The reason they did so was that they had two very potent attackers on that side in Mason Mount and Chilwell.
Mount had the ability to chop onto his right and shoot from the edge of the box, while also being able to run at a defender and beat him one-on-one or slip a through pass. Chilwell, meanwhile, possessed good pace and crossing ability, meaning that he too could pose problems to the City defence.
Both of them were quite successful too, as Mount got three dribbles and drew as many fouls, while Chilwell managed to deliver three crosses.
However, Chelsea were most potent when playing direct football, which is how they scored. Ziyech’s 55th-minute strike had been coming for a long, long time.
Chelsea almost scored a near-identical goal in the sixth minute. Chilwell played Timo Werner (who happened to be offside, which is why the goal did not stand) through on the right after both Cancelo and Rúben Dias made tough work of dealing with a simple long ball, with the latter’s half-hearted clearance falling to the Chelsea wing-back.
Once he was through on the left, Werner simply squared a first-time ball to Ziyech, who turned it in without any problems.
The goal did not come as a result of an aerial ball, but it too was quite direct in nature. Silva took a free-kick at the edge of his penalty area quickly, and just two passes later, Chelsea found themselves in this position:
Once again, Werner was making a run down the left channel goal-side of both Cancelo and Dias, and this time, the German striker ensured that he was onside.
Zack Steffen positioning here was questionable at best, but even if he was in his goal, saving Ziyech’s tap-in would have proven to be quite difficult.
It was clear that Chelsea’s forwards possessed too much pace for City’s backline to deal with, and this was most evident when Ziyech had the chance to bag a brace as he only had Steffen to beat after Chelsea breached the City high line through a long ball.
If you would have just watched the first 10 minutes of the match, you would have been able to tell that this was Chelsea’s to lose.
Guardiola fielded a much-changed side that arguably only had three players from City’s current best XI – Dias (who looked uncharacteristically shaky), De Bruyne (who went off injured) and Rodri (who saw relatively little of the ball).
The other eight players were afforded the chance to stake a claim to regular starting spot here, but they absolutely failed to deliver.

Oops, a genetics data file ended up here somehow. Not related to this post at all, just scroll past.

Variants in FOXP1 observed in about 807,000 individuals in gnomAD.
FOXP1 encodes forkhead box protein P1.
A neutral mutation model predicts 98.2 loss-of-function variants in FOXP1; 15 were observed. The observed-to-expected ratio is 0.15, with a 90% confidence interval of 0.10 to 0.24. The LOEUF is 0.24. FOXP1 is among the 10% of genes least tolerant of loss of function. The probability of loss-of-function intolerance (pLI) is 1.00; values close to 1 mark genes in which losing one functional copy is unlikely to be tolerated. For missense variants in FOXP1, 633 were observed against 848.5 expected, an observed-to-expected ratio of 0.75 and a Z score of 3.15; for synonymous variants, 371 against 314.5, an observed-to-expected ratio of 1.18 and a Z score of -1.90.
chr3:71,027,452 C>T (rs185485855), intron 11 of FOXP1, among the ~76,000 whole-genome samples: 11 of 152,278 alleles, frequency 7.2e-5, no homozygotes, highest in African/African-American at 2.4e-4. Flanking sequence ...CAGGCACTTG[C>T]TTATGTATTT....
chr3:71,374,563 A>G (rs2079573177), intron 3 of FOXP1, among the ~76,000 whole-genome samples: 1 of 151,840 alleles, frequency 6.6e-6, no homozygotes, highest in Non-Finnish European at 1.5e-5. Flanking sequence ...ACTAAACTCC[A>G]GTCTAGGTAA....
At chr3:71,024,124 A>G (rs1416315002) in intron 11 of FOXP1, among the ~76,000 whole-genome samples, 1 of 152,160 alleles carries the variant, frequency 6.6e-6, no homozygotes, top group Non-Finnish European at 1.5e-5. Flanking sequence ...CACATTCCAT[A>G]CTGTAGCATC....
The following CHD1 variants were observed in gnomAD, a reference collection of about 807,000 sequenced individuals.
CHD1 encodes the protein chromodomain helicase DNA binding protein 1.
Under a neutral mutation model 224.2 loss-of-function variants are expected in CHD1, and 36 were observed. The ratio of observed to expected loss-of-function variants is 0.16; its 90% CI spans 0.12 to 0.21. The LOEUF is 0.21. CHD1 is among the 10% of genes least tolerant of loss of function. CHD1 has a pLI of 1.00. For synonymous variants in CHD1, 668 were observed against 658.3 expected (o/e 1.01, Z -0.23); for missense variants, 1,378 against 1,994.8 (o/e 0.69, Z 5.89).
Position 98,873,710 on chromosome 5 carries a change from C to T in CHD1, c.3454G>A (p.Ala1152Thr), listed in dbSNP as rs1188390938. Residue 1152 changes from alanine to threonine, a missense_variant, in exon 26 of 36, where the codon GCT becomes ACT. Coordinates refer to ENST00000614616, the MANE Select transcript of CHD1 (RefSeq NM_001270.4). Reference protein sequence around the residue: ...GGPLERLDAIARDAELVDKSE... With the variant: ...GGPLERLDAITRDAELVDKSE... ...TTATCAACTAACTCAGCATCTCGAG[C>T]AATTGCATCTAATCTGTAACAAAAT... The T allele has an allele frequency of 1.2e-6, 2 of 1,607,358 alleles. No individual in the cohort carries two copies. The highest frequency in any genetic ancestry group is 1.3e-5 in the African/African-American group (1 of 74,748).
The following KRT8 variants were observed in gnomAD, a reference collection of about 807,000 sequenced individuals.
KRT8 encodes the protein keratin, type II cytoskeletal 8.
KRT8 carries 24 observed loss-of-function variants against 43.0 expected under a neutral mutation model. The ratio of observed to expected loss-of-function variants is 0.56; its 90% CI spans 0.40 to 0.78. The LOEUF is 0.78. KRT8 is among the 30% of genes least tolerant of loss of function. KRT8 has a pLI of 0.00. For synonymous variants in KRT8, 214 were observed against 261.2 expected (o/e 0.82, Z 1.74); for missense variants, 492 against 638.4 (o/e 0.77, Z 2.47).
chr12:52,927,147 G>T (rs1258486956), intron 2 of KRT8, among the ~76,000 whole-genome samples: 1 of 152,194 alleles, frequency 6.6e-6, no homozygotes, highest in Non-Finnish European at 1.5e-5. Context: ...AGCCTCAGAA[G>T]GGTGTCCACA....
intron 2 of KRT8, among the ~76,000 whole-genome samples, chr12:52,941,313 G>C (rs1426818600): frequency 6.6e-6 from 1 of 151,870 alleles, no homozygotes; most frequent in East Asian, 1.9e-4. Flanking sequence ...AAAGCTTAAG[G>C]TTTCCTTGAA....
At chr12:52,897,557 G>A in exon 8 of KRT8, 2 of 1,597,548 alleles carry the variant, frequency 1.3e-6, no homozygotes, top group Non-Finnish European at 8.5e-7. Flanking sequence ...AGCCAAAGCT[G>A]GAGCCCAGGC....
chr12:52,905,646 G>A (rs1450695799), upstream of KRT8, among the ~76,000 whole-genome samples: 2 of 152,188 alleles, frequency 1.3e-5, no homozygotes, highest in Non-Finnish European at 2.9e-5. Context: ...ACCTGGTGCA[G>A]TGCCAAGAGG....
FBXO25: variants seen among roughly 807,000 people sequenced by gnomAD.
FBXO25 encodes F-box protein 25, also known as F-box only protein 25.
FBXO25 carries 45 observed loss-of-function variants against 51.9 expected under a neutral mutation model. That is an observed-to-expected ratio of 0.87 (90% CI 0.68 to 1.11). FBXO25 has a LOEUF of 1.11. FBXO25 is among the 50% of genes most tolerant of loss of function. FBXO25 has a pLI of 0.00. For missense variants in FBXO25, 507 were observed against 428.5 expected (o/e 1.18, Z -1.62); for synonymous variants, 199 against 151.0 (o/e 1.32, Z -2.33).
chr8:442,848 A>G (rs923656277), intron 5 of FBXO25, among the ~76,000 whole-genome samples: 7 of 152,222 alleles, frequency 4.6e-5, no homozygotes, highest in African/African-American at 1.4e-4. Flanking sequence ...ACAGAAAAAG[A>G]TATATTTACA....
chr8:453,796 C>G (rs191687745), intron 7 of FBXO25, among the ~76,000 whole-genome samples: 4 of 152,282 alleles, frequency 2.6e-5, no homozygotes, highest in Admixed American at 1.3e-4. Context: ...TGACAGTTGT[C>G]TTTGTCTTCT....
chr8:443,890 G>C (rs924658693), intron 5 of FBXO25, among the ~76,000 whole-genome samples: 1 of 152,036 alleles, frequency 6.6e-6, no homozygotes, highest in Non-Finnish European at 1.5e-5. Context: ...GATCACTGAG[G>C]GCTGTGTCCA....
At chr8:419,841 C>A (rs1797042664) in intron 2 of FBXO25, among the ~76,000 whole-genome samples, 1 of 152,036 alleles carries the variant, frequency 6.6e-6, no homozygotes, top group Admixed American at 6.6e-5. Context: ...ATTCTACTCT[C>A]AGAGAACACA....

The man who had the biggest opportunity here – Sterling – probably flopped most spectacularly as he put in a terribly weak performance where he was dispossessed four times, which was more than any other player on the pitch.
At the same time, City’s tactics were not exactly on point either, as their four-man press was evidently incapable of troubling Chelsea, while two holding midfielders made the centre of the park quite disjointed.
This should explain why the away side looked a lot better after Phil Foden and İlkay Gündoğan came on the pitch, but Guardiola’s reluctance to use any further substitutions was quite puzzling, and it took away any serious chance of a comeback.
Although City were clearly not on it, Chelsea deserve a healthy amount of credit for not just beating, but outright outplaying the Premier League leaders. Their defensive structure should be applauded too, although it wasn’t really tested as City posed nearly no threat in possession for most of the match.
The Blues certainly fielded most of their first-choice names, all of who absolutely turned up and put in some great shifts to book themselves a spot in the final.
They will face Leicester City or Southampton, so Tuchel will certainly fancy his chances of making the FA Cup his first piece of silverware with Chelsea.
Stats courtesy WhoScored.
Latest Football Blogs
- Monday Briefing: Leicester a model club, Goalscoring Keepers & Barcelona in shambles
- Morning Mix: Henderson not the answer for United, Ndidi delivers a midfield masterclass
- The stories behind Leicester’s special FA Cup win
- UEFA Women’s Champions League: Last 5 finals
- Arsenal will take on Chelsea and Tottenham in a pre-season charity tournament
- 2021 FA Cup Final: Over land and sea (and Leicester)
- NFT’s: The next big thing within football?
- Review: Manchester City’s route to an emphatic Premier League title triumph
- Why media got the Jens Lehmann racism incident completely wrong
- Manchester City vs Chelsea: 2021 Champions League final preview